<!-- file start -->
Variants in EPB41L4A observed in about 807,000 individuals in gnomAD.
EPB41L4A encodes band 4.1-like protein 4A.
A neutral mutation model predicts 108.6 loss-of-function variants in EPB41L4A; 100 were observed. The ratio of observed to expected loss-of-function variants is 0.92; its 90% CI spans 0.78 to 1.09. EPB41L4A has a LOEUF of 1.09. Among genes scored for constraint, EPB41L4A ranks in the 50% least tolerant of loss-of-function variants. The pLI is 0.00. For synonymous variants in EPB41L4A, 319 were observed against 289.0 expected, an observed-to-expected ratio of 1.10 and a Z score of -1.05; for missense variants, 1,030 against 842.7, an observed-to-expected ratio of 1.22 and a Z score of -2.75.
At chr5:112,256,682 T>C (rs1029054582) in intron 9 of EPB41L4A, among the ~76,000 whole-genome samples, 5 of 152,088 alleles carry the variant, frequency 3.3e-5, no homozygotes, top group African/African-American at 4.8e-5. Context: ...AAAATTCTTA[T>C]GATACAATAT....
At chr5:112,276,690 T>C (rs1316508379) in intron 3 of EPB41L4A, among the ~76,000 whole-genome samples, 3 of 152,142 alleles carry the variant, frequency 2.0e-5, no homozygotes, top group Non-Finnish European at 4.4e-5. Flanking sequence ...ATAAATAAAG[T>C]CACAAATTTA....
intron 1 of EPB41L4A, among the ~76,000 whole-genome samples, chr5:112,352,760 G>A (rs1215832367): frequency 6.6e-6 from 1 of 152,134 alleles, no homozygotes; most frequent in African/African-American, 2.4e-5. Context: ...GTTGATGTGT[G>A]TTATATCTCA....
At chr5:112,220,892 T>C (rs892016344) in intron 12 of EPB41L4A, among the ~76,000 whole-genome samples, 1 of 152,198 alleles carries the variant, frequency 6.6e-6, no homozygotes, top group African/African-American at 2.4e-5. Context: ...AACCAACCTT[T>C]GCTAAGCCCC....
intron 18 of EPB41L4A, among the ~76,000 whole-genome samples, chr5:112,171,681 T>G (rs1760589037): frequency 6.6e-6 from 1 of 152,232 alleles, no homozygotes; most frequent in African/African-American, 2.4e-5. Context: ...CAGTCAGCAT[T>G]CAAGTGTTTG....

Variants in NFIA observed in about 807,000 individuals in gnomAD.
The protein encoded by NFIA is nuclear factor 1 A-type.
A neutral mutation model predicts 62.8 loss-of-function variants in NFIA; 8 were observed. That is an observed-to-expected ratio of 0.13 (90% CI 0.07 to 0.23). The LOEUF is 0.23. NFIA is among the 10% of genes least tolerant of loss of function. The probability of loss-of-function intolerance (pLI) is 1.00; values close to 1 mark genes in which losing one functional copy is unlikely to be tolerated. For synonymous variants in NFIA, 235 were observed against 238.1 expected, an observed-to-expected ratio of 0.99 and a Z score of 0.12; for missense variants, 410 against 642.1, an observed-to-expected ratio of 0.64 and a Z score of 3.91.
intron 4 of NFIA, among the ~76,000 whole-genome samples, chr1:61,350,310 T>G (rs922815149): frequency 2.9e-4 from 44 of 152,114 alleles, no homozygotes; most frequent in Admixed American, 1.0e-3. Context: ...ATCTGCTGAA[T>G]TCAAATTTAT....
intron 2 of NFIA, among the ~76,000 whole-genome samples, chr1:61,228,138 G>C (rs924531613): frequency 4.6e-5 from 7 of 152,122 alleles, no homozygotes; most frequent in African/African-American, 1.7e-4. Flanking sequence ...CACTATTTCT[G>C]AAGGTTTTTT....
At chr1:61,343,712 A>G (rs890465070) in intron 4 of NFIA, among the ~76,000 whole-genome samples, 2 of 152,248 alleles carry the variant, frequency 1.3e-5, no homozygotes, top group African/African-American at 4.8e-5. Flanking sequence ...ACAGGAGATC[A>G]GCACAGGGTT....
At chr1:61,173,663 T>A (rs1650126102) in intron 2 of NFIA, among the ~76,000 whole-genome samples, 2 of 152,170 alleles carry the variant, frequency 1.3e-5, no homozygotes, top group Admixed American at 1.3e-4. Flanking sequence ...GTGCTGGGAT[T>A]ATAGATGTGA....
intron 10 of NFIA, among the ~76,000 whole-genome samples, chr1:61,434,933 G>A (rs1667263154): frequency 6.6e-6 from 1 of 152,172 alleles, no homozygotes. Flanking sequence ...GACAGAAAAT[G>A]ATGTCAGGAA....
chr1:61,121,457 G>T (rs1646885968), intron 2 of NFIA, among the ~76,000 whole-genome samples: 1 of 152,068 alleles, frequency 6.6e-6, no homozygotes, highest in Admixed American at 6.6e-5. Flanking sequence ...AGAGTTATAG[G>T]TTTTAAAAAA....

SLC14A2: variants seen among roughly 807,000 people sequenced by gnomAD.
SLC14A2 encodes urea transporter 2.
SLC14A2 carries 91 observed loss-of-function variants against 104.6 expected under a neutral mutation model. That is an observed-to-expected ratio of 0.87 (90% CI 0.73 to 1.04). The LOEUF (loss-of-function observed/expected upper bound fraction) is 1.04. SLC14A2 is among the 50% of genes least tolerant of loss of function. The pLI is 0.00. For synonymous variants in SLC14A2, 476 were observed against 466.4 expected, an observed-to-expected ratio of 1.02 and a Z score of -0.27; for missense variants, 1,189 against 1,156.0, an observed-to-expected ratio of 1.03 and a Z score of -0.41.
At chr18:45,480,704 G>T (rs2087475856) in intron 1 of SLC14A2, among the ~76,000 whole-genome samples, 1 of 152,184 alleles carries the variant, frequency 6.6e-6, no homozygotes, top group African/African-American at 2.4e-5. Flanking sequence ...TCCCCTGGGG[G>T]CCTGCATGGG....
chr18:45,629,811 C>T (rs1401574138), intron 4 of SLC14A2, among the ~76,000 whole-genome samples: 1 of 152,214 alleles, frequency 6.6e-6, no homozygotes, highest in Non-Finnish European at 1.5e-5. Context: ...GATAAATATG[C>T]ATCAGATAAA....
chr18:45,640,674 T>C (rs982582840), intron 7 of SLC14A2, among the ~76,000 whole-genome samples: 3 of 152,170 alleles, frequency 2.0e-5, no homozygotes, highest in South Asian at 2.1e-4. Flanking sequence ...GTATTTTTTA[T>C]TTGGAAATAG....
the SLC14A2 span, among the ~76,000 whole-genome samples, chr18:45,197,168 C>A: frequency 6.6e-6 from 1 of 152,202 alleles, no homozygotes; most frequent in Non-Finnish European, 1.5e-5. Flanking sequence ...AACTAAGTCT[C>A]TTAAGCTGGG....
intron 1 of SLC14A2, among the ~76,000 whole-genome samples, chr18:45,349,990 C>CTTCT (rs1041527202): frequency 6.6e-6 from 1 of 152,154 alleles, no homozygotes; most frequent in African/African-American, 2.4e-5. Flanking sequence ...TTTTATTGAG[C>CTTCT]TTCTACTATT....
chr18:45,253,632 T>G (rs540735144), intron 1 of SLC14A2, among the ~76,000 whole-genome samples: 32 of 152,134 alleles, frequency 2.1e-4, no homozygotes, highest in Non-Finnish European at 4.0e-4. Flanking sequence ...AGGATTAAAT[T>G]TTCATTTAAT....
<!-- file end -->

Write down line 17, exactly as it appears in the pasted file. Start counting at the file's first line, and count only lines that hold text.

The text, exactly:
chr1:61,121,457 G>T (rs1646885968), intron 2 of NFIA, among the ~76,000 whole-genome samples: 1 of 152,068 alleles, frequency 6.6e-6, no homozygotes, highest in Admixed American at 6.6e-5. Flanking sequence ...AGAGTTATAG[G>T]TTTTAAAAAA....